Author: Greta Bordin – 14/05/2021
NEW SANCTIONS AGAINST THE RUSSIAN FEDERATION
Illegality of European response to Navalny case
Greta Bordin – Ca’ Foscari University / Vision & Global Trends
In recent weeks, both sides of Russian-Western ties have witnessed several blows inflicted, bringing relations to a new low. Indeed, new sanctions coupled with a series of diplomatic expulsions over the last few months have, once again, turned the spotlight on the tense relationship between the Russian Federation and the West.
The Navalny case has been a constantly debated case since 2019 when the Russian political opponent Alexei Navalny was allegedly poisoned in prison and subsequently promptly transferred to a hospital in Germany for treatment. On his return to Russia in January 2021, after his plane diverted, Navalny was arrested at Moscow’s Sheremetyevo Airport immediately after his landing. Since then, the Russian anti-corruption campaigner has been lying in prison in hearing after hearing, triggering action by the broader international community, including the European Union.
During the European Foreign Affairs Council meeting held in Brussels on 22nd February 2021, High Representative for Foreign Affairs and Security Policy Joseph Borrell presented a list of possible sanctions against the Russian Federation for the conviction of Alexei Navalny and severe human rights violations, which was unanimously approved by the Foreign Ministers of the EU’s 27 Member States. It is worth stressing that on 20th January 2021, the opponent appealed to the European Court of Human Rights for violation of Articles 3, 5, 6, and 11 of the European Chart of Human Rights (ECHR) concerning the prohibition of torture, the right to liberty and security, the right to a fair trial, and freedom of assembly and association. On 16th February, under Article 39, the European Court of Human Rights notified Moscow the appeal and demanded Navalny’s immediate release. Given the lack of action by the Russian government, the Council of the European Union in February began to consider imposing restrictive measures.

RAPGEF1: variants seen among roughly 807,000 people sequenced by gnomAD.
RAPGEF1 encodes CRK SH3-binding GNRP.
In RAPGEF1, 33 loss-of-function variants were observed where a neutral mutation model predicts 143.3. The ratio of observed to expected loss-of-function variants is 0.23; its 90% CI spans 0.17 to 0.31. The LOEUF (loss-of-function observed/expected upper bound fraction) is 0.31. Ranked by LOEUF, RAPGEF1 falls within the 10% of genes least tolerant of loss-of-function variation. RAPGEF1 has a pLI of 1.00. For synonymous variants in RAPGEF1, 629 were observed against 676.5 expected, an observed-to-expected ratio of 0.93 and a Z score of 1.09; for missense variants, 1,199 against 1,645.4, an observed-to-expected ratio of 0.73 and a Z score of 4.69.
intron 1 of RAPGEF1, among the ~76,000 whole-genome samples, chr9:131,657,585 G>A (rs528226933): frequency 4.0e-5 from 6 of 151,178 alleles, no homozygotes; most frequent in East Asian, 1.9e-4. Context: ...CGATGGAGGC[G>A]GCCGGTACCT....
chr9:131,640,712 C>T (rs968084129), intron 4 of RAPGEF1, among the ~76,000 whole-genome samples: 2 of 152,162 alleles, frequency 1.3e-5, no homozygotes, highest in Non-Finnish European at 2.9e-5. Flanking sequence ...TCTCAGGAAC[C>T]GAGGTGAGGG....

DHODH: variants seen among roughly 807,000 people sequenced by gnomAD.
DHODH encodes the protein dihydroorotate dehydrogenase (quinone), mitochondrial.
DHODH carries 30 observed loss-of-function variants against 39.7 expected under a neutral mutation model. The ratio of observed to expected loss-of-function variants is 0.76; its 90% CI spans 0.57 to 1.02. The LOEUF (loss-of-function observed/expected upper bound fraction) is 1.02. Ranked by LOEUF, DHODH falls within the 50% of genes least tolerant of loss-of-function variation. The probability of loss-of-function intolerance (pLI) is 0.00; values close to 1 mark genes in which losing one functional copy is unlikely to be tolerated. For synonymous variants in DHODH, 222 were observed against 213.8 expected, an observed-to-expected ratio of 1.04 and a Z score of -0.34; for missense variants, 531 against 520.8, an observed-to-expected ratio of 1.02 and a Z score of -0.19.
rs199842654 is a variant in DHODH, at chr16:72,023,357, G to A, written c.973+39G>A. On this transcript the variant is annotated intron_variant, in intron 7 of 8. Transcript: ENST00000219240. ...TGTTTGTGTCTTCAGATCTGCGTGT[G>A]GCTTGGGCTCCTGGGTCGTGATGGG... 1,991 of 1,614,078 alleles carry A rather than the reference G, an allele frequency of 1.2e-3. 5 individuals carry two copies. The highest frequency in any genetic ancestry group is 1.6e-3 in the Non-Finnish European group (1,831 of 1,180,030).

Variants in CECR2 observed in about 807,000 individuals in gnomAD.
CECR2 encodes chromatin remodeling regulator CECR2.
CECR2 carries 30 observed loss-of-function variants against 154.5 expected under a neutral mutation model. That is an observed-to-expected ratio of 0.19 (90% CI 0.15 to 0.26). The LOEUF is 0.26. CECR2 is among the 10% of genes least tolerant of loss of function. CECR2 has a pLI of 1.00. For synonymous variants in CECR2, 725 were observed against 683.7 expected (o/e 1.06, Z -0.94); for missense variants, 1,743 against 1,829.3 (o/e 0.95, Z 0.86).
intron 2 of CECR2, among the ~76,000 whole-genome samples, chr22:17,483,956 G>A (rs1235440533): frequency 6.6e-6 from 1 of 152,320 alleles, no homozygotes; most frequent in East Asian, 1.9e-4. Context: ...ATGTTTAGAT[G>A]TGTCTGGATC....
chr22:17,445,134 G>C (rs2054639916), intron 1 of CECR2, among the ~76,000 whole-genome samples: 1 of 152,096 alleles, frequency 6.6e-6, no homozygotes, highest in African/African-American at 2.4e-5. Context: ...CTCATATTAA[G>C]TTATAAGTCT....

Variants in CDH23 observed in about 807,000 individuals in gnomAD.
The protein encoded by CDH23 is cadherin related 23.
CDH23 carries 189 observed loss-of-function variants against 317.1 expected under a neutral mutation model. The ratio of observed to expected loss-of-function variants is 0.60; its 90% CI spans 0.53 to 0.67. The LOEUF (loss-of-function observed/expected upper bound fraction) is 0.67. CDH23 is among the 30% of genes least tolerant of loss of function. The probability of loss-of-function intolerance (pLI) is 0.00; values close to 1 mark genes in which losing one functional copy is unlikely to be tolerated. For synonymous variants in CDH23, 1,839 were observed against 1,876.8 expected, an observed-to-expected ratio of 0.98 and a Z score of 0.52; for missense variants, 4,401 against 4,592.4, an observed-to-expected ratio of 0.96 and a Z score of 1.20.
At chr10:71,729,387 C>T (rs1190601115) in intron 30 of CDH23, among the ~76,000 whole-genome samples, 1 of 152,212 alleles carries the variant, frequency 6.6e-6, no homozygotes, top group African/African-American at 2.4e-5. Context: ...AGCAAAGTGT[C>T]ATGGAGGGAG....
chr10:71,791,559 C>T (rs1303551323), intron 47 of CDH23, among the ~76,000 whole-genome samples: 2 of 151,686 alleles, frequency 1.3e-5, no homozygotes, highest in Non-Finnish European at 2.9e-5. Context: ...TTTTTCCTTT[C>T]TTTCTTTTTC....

At the time, Moscow fiercely responded to the EU intimidation, with the Russian Foreign Minister, Sergey Lavrov, declaring that Russia would cut relations with the European Union if it continued to impose economically detrimental sanctions against the country. Indeed, following the annexation of Crimea in 2014, the European Union had already enforced targeting economic-coercive measures against Russian individuals allegedly responsible for the “illegal” annexation of the peninsula and the invasion of the Ukrainian Donec Basin.